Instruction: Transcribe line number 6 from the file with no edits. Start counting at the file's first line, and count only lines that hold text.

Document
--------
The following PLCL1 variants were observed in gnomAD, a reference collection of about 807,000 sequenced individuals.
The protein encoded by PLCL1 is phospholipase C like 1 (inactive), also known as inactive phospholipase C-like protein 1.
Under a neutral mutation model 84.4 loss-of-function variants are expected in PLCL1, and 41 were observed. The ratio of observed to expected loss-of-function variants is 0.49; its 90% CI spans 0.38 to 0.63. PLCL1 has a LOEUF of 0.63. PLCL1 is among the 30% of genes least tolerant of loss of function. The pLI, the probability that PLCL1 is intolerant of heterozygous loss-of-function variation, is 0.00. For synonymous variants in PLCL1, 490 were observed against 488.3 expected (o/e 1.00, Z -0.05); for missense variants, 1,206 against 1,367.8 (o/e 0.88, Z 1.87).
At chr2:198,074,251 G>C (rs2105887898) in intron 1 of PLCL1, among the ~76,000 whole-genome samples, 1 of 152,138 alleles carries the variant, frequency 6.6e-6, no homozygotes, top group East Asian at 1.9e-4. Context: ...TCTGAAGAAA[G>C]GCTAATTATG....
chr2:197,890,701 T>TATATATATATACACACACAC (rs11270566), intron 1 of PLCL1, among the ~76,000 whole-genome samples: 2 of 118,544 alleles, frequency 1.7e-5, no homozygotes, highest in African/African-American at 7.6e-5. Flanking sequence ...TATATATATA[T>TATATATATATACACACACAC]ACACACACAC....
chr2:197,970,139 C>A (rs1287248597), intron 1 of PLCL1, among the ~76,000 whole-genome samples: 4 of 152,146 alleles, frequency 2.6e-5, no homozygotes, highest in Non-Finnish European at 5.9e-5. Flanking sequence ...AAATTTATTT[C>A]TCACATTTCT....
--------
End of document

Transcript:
chr2:197,970,139 C>A (rs1287248597), intron 1 of PLCL1, among the ~76,000 whole-genome samples: 4 of 152,146 alleles, frequency 2.6e-5, no homozygotes, highest in Non-Finnish European at 5.9e-5. Flanking sequence ...AAATTTATTT[C>A]TCACATTTCT....